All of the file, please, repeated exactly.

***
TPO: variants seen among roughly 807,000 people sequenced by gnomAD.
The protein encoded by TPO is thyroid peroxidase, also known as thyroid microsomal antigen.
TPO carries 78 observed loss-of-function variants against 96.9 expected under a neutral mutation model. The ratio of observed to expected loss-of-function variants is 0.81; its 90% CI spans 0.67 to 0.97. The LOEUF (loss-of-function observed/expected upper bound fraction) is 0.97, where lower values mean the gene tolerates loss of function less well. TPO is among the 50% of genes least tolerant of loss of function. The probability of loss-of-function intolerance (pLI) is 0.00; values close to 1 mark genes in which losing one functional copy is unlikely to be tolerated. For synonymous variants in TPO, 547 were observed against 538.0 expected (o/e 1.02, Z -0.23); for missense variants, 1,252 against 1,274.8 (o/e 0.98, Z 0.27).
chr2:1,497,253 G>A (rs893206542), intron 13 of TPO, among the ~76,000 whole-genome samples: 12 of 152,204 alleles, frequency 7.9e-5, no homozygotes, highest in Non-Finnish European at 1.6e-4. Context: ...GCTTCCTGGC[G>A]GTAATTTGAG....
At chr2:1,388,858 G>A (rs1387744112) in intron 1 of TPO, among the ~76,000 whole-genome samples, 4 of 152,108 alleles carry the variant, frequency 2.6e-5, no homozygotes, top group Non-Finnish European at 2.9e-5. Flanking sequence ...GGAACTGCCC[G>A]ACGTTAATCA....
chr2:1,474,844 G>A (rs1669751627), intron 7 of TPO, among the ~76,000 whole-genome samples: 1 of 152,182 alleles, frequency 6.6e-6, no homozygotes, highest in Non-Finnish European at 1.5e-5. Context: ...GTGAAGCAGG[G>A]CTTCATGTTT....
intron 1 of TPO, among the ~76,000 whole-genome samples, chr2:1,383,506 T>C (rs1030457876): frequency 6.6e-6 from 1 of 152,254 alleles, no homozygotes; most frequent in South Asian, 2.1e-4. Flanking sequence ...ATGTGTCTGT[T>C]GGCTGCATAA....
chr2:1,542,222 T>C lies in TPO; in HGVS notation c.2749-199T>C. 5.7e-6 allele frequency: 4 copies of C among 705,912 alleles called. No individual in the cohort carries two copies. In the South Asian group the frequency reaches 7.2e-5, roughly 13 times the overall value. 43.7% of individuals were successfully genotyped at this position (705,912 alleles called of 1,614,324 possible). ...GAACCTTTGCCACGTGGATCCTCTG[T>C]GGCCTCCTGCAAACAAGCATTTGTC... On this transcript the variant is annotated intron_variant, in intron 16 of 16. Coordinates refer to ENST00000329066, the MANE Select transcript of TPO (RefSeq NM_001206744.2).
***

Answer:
TPO: variants seen among roughly 807,000 people sequenced by gnomAD.
The protein encoded by TPO is thyroid peroxidase, also known as thyroid microsomal antigen.
TPO carries 78 observed loss-of-function variants against 96.9 expected under a neutral mutation model. The ratio of observed to expected loss-of-function variants is 0.81; its 90% CI spans 0.67 to 0.97. The LOEUF (loss-of-function observed/expected upper bound fraction) is 0.97, where lower values mean the gene tolerates loss of function less well. TPO is among the 50% of genes least tolerant of loss of function. The probability of loss-of-function intolerance (pLI) is 0.00; values close to 1 mark genes in which losing one functional copy is unlikely to be tolerated. For synonymous variants in TPO, 547 were observed against 538.0 expected (o/e 1.02, Z -0.23); for missense variants, 1,252 against 1,274.8 (o/e 0.98, Z 0.27).
chr2:1,497,253 G>A (rs893206542), intron 13 of TPO, among the ~76,000 whole-genome samples: 12 of 152,204 alleles, frequency 7.9e-5, no homozygotes, highest in Non-Finnish European at 1.6e-4. Context: ...GCTTCCTGGC[G>A]GTAATTTGAG....
At chr2:1,388,858 G>A (rs1387744112) in intron 1 of TPO, among the ~76,000 whole-genome samples, 4 of 152,108 alleles carry the variant, frequency 2.6e-5, no homozygotes, top group Non-Finnish European at 2.9e-5. Flanking sequence ...GGAACTGCCC[G>A]ACGTTAATCA....
chr2:1,474,844 G>A (rs1669751627), intron 7 of TPO, among the ~76,000 whole-genome samples: 1 of 152,182 alleles, frequency 6.6e-6, no homozygotes, highest in Non-Finnish European at 1.5e-5. Context: ...GTGAAGCAGG[G>A]CTTCATGTTT....
intron 1 of TPO, among the ~76,000 whole-genome samples, chr2:1,383,506 T>C (rs1030457876): frequency 6.6e-6 from 1 of 152,254 alleles, no homozygotes; most frequent in South Asian, 2.1e-4. Flanking sequence ...ATGTGTCTGT[T>C]GGCTGCATAA....
chr2:1,542,222 T>C lies in TPO; in HGVS notation c.2749-199T>C. 5.7e-6 allele frequency: 4 copies of C among 705,912 alleles called. No individual in the cohort carries two copies. In the South Asian group the frequency reaches 7.2e-5, roughly 13 times the overall value. 43.7% of individuals were successfully genotyped at this position (705,912 alleles called of 1,614,324 possible). ...GAACCTTTGCCACGTGGATCCTCTG[T>C]GGCCTCCTGCAAACAAGCATTTGTC... On this transcript the variant is annotated intron_variant, in intron 16 of 16. Coordinates refer to ENST00000329066, the MANE Select transcript of TPO (RefSeq NM_001206744.2).